Senate Budget Plan Includes Significant Property Tax Cut

George Winner

March 12, 2007

Albany, N.Y.-- State Senator George H. Winner, Jr. (R-C, Elmira) said today that a proposed state budgetbeing approved by the Senate this week will include a plan to provide $6 billion in new property tax relief over the next two years.

The Senateis completing action todayon a proposed state budget for the 2007-08 fiscal year that begins April 1. Winner saidthat theproposalreflects Senate priorities to reject new taxes, prevent devastating health care cuts, provide for a fair distribution of aid to local school districts, and build on last year’s property tax rebate program.

The Senate budgetrejects the bulk ofGovernor Eliot Spitzer’s proposed health care cuts and includes a net restoration of $544 million for Medicaid and health programs. The Senate is also rejecting Spitzer’s call for a Temporary Prison Closure Commission.

Winner said that new property tax relief remains chief among the Senate’s priorities.

"The No. 1 priority for this new budget is that it contain significant new property tax relief," said Winner. "It's a priority for local property taxpayers, for future job creation, for the quality of our communities and to keep alive the hope for sustained economic growth in upstate New York."

The Senate’s fiscal plan calls for $6 billion in new property tax relief over the next two years through a significant expansion of last year’s Rebate-NY property tax rebate program. The proposed Rebate-NY expansion, called Rebate-Plus, would triple the size of last year’s average rebate and establish a Blue Ribbon Commission on Property Tax Reform to recommend further strategies to cut property taxes. If included in this year’s final budget, Winner said that local county taxpayers would benefit under the Senate’s new plan in the following ways:

> In Chemung County, the basic tax rebate for the average county taxpayer would rise from last year’s $181 to $542, and for seniors from $303 to $908;

> In Schuyler, the average tax rebate would rise from $156 to $468, and for seniors from $257 to $771;

> In Steuben, the average tax rebate would increase from $168 to $504, and for seniors from $281 to $843;

> In Yates, the average rebate increases from $116 to $349, and for seniors from $194 to $582; and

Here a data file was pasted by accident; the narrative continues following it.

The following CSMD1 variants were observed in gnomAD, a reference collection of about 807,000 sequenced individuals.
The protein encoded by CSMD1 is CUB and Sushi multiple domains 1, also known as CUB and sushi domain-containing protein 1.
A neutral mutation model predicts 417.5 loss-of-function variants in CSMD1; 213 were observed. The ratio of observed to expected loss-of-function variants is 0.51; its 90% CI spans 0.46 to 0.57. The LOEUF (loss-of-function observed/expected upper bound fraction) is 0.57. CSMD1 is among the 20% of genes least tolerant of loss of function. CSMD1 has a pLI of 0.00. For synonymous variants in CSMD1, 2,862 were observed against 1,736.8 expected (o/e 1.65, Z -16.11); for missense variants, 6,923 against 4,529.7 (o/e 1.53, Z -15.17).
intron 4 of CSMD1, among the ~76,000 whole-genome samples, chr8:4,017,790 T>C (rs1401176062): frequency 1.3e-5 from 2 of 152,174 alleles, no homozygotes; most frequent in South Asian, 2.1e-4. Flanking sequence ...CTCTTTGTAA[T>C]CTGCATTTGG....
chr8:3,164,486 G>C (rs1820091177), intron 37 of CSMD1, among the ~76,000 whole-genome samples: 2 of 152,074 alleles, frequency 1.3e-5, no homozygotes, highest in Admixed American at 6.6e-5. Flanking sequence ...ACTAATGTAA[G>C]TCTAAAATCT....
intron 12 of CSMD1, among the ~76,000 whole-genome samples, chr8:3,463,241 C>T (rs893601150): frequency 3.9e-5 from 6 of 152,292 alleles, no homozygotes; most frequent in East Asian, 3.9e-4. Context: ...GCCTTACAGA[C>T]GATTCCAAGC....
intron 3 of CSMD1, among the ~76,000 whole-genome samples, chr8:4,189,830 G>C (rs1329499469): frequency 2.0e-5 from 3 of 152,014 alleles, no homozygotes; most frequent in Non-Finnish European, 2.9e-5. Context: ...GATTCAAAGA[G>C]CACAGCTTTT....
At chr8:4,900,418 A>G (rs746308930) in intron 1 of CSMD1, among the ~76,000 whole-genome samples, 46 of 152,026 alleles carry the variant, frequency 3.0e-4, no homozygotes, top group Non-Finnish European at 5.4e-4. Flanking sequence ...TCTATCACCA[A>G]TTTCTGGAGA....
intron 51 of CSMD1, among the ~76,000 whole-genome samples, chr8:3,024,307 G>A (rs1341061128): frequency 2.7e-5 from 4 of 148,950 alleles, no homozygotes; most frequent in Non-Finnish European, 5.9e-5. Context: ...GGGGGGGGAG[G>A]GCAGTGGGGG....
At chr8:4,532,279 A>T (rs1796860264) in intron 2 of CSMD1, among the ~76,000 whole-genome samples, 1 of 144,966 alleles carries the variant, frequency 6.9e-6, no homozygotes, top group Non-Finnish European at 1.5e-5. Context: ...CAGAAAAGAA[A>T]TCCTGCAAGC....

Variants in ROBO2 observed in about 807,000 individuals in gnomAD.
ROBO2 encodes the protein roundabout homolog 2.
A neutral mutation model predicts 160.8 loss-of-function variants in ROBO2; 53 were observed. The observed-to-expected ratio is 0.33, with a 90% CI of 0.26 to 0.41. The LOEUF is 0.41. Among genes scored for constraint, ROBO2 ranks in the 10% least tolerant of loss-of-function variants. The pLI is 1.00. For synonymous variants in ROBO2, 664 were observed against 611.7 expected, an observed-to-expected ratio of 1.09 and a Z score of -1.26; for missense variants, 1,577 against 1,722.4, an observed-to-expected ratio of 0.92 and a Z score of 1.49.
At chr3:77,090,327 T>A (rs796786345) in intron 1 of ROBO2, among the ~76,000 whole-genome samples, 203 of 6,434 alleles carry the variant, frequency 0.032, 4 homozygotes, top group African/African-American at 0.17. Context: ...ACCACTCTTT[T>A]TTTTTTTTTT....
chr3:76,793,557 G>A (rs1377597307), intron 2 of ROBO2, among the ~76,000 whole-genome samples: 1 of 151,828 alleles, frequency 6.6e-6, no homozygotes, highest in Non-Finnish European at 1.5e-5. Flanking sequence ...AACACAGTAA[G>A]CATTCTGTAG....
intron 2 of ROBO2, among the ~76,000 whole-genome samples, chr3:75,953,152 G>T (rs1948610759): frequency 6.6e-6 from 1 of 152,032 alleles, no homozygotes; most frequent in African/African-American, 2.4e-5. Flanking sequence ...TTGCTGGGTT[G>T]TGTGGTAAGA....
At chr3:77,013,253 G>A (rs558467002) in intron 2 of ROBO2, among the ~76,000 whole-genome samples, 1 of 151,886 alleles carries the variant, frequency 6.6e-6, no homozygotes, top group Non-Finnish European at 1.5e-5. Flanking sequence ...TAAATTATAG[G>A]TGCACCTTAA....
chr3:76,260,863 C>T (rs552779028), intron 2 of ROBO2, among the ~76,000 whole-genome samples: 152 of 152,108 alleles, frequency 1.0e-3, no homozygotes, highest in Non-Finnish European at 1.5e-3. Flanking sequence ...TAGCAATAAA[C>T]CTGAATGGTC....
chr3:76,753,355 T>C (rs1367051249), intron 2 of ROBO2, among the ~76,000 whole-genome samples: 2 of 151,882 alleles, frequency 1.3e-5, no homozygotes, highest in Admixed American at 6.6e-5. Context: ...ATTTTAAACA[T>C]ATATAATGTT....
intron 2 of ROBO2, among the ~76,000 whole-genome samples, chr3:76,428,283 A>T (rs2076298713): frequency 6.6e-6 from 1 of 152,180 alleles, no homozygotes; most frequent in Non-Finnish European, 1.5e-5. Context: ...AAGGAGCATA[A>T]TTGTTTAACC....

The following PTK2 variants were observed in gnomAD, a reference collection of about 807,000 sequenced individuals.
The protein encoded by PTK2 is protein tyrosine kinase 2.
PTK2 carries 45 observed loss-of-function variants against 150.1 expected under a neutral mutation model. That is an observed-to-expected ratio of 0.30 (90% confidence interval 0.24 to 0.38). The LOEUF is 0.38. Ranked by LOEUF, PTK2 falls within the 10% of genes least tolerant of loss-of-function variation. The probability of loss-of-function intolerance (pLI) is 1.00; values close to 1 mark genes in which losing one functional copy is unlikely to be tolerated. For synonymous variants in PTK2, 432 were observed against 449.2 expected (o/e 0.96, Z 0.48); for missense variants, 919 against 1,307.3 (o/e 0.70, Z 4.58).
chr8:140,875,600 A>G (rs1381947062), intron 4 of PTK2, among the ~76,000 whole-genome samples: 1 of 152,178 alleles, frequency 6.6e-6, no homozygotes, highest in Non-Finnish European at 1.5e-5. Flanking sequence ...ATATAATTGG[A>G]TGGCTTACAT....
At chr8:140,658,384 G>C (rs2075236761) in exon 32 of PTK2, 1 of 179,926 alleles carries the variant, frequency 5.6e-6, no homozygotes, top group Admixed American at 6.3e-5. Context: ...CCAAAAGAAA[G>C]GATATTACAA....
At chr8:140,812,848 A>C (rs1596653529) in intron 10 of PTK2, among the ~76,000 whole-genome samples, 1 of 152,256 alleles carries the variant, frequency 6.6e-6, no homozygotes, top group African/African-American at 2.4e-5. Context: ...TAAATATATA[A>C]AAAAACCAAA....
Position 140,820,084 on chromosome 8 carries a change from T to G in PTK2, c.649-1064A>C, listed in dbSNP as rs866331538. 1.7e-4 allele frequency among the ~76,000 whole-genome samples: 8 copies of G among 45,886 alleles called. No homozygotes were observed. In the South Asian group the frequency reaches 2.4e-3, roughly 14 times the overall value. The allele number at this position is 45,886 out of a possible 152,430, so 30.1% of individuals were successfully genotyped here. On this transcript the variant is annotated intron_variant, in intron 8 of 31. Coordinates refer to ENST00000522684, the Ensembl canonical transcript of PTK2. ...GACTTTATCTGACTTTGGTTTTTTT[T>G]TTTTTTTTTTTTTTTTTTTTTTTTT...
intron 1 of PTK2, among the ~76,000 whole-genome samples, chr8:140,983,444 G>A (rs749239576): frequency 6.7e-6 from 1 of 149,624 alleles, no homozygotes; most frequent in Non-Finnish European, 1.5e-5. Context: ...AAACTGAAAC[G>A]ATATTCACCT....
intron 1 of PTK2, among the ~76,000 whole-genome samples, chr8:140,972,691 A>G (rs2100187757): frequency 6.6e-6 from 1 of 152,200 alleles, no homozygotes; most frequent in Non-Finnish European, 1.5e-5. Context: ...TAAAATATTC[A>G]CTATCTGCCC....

> In Tompkins, the average rebate jumps from $176 to $527, and for seniors from $294 to $883.

For his part, the governor has called for $6 billion in new property tax relief through the state’s existing STAR program and targeted to middle class homeowners.

The Senate plan willbe submittedto joint budget conference committees for public negotiations with the Assembly beginning later this week.

Additional highlights of the Senate’s budget plan include:

> a rejection of more than $800 million in new and increased taxes and fees proposed by Spitzer, including tax increases on hospitals, nursing homes and financial services;

> a small business assistance plan to provide more than $723 million in business tax relief this year to create new jobs;

> an additional $358 million, generating over $514 million on a school-year basis, to the governor’s school aid package to ensure a fair distribution of aid to districts statewide. Specifically the Senate adds $192 million to significantly improve the distribution of school aid. Winner said that the school aid formula proposed by Spitzer would place 304 school districts (45 percent of the state’s schools) on a permanent save harmless;

> an additional $5 million for libraries bringing the total amount for library aid to $102.2 million;

> $129 million to expand eligibility for the State Tuition Assistance Program (TAP) and increase awards, including doubling the minimum TAP award;

> a restoration of $2 million in state aid through the AIM program to 81 towns and villages that had aid eliminated in the Spitzer budget;

> a $13-million restoration in the Consolidated Highway Improvement Program (CHIPS) for localities;

> $60 million in financial assistance to strengthen dairy farms that are struggling as a result of low commodity prices and high energy and livestock feed prices; and

a rejection of Spitzer’s proposal to expand the state’s Returnable Container Act to include non-carbonated beverage containers.